Egypt's Nobel writer Nagib Mahfouz dies
This is one of the moments when I wish I could to be home in Cairo. Since I was a child, the name of this fountain of creativity and authenticity named Naguib Mahfouz has been in the center of the corners of our lives. It was such a coincident that the first time I read for Mahfouz I was a teenager and it was his banned novel in Egypt "Awlad Haretna" or Children of the Alley that my family smuggled into our house. The novel was banned in Egypt by the Sunni Al Azhar religious institution in 1959 and until today on allegations that it symbolizes Allah or God and his children who are the prophets and messengers. It was one of those summers in my life that I spent with Mahfouz reading his ever-lasting unforgettable masterpiece, "Awlad Haretna". His death brings to me memories of reading his novel in every corner at my parents' home in Cairo. I also surprise myself to remember, how young I was yet I could fall in love with such big complicated novel. It is one of those novels you do not want to leave until you finish, but it is so big in size. When I moved to the U.S. , one of the things I was proud to carry all the way from Cairo to the United States for my friends were translated copies of this particular novel.
Encouraged by the fatwa of Al-Azhar that his novel is banned on religious allegations and blasphemy that he dared to talk about God and his messengers, Islamic terrorists took advantage of believing they can send an infidel to his God to put him in hell. In 1994, terrorists wanted to spell his blood by stabbing him with a knife in his neck, like any of their cowardly acts they do anywhere to innocents. Fortunately, Mahfouz was saved in hospital. But the attack left him with serious consequences among them that he could not use his right arm properly as before to write. He got stabbed during one of his daily walks to his house coming from his favorite coffee shop where he used to write. For security reasons, he has to lose his freedom to walk freely as he used to.
Now, I believe in walking more than ever. Could be one of the reasons why Mahfouz lived until his 94 are his walkings from his house in Agouza to downtown on a daily basis his entire life until this coward attack. I believe walking could be a source of inspiration to love places you visit and people you meet. He was with no doubt a first-class Cairo lover. The details in his novels reflect the love to places and people.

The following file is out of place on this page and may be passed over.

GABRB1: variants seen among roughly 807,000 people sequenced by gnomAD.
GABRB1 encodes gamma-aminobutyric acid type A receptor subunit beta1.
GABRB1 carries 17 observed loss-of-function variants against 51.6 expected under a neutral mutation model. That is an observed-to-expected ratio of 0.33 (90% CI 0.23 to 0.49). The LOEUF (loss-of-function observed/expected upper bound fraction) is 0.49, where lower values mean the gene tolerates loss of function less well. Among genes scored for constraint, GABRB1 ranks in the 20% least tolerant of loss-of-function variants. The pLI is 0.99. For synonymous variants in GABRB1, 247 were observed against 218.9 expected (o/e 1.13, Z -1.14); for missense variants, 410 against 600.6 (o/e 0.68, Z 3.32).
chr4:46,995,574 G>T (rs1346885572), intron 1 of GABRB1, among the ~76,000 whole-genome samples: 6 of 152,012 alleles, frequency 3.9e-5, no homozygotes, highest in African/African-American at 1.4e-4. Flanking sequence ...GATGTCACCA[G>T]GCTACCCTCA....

"Awlad Haretna" or Children of the Ally was the main reason why Naguib Mahfouz won the Nobel Prize in 1988. Mahfouz is not only one of the most prominent renowned Egyptian intellectuals, but he is the first and only Arab writer to win the Nobel Prize for literature.
In spite of millions of readers in the Arab world, the Mahfouz's books remained unavailable in many Middle Eastern countries because of his support to President Sadat's Camp David peace treaty with Israel in 1978. This is one reason why I can also identify myself with Mahfouz is because of his support to peace, since I consider myself the peace generation. I am grateful to all those who supported peace because the alternative would have been bloody and bitter. I grew up without witnessing one single war feeling safe and secure because of people like Mahfouz who bravely stood next to our late President Sadat leaving him unabandoned for his hsitoric decision to make peace with Israel.
Born in Cairo in December 1911, Mahfuz is Egypt's most renowned intellectual with about 50 novels to his name. He began writing at the age of 17 and had his first novel published in 1939.
(Mahfouz) You will always be remembered in my thoughts and heart not because you are a Nobel winner but because you are part of my life. Today I am not only mourning you but my memories, the freedom to think and create, courage and the love to life embodied in all your writings and you ... Adieu Brave Egyptian!
Bush Extends Sympathies to the Egyptian People on Death of Naguib Mahfouz